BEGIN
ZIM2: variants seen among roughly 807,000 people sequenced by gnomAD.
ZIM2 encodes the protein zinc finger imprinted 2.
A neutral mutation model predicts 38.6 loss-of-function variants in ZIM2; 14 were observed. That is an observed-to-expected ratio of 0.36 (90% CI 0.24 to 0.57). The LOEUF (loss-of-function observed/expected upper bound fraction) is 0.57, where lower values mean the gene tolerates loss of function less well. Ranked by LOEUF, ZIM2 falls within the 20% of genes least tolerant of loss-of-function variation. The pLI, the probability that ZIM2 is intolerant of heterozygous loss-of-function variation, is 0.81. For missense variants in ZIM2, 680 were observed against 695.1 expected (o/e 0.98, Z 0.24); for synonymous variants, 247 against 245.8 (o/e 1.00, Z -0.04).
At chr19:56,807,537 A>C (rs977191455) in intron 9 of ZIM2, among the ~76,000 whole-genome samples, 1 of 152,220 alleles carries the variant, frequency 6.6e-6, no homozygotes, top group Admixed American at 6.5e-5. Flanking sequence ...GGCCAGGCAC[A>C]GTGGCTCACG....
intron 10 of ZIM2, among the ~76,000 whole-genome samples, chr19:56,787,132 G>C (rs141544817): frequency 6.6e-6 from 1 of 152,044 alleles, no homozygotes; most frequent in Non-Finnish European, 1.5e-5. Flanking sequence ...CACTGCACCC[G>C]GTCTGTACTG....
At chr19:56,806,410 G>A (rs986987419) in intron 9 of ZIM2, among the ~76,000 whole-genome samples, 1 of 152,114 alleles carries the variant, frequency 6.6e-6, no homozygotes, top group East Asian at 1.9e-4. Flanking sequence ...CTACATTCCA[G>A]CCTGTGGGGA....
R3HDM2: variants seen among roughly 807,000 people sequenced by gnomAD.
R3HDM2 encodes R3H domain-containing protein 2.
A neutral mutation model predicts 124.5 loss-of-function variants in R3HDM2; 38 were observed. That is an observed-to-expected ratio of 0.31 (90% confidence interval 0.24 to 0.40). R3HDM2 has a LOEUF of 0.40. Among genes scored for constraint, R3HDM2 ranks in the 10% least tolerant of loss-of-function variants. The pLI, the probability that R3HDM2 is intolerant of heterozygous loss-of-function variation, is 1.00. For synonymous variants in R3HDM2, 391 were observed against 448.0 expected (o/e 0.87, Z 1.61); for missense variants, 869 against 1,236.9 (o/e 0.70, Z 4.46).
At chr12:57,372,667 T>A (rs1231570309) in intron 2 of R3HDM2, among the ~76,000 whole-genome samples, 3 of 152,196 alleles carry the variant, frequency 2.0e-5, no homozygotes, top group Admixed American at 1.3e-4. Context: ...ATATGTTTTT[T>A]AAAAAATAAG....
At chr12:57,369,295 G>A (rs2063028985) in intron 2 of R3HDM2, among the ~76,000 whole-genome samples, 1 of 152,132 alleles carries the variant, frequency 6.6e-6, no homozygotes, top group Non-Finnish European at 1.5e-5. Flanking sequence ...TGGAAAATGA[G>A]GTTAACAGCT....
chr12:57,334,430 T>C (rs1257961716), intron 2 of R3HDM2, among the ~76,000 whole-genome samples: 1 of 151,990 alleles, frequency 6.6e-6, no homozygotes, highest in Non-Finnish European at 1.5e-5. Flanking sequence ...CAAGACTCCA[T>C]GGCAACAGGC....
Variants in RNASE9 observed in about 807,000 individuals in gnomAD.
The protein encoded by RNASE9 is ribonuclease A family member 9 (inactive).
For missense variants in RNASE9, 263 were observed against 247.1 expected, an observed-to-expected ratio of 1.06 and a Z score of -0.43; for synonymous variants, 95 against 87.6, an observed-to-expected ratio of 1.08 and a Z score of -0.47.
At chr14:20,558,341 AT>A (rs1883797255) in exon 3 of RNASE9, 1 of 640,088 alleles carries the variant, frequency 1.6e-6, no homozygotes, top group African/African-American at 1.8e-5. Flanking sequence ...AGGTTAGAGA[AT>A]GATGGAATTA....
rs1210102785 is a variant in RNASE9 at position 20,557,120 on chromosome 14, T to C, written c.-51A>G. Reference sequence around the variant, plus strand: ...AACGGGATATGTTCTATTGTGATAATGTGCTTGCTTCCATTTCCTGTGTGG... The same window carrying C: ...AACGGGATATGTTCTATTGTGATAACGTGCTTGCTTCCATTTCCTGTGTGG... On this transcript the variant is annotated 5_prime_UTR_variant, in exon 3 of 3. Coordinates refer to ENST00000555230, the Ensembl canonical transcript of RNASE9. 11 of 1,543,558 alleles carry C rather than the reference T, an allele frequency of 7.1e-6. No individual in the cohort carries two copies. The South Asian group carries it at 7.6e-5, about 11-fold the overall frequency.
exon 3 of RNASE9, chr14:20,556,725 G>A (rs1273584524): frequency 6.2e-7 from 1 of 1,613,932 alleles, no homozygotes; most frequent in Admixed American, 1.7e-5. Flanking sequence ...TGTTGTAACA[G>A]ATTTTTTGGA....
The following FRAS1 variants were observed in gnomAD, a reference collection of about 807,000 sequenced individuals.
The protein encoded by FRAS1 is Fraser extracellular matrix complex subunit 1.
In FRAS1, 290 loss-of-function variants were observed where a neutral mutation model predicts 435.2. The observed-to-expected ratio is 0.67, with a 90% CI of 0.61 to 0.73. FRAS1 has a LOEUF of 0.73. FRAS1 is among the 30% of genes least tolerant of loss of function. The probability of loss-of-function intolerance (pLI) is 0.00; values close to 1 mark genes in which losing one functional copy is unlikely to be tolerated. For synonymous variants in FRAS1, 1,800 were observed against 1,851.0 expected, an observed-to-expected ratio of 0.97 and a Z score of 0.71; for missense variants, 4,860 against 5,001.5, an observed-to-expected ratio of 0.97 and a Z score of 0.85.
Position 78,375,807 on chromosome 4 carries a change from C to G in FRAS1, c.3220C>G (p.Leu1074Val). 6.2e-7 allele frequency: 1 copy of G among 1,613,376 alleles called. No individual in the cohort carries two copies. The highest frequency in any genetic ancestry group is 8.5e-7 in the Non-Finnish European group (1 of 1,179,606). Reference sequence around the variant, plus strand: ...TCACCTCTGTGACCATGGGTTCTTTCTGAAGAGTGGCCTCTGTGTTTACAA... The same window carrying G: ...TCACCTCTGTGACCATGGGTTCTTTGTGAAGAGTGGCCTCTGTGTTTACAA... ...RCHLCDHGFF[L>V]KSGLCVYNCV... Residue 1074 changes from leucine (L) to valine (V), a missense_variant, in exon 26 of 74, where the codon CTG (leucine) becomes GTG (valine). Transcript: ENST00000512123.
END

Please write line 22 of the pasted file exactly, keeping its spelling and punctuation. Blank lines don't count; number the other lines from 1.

Position 78,375,807 on chromosome 4 carries a change from C to G in FRAS1, c.3220C>G (p.Leu1074Val). 6.2e-7 allele frequency: 1 copy of G among 1,613,376 alleles called. No individual in the cohort carries two copies. The highest frequency in any genetic ancestry group is 8.5e-7 in the Non-Finnish European group (1 of 1,179,606). Reference sequence around the variant, plus strand: ...TCACCTCTGTGACCATGGGTTCTTTCTGAAGAGTGGCCTCTGTGTTTACAA... The same window carrying G: ...TCACCTCTGTGACCATGGGTTCTTTGTGAAGAGTGGCCTCTGTGTTTACAA... ...RCHLCDHGFF[L>V]KSGLCVYNCV... Residue 1074 changes from leucine (L) to valine (V), a missense_variant, in exon 26 of 74, where the codon CTG (leucine) becomes GTG (valine). Transcript: ENST00000512123.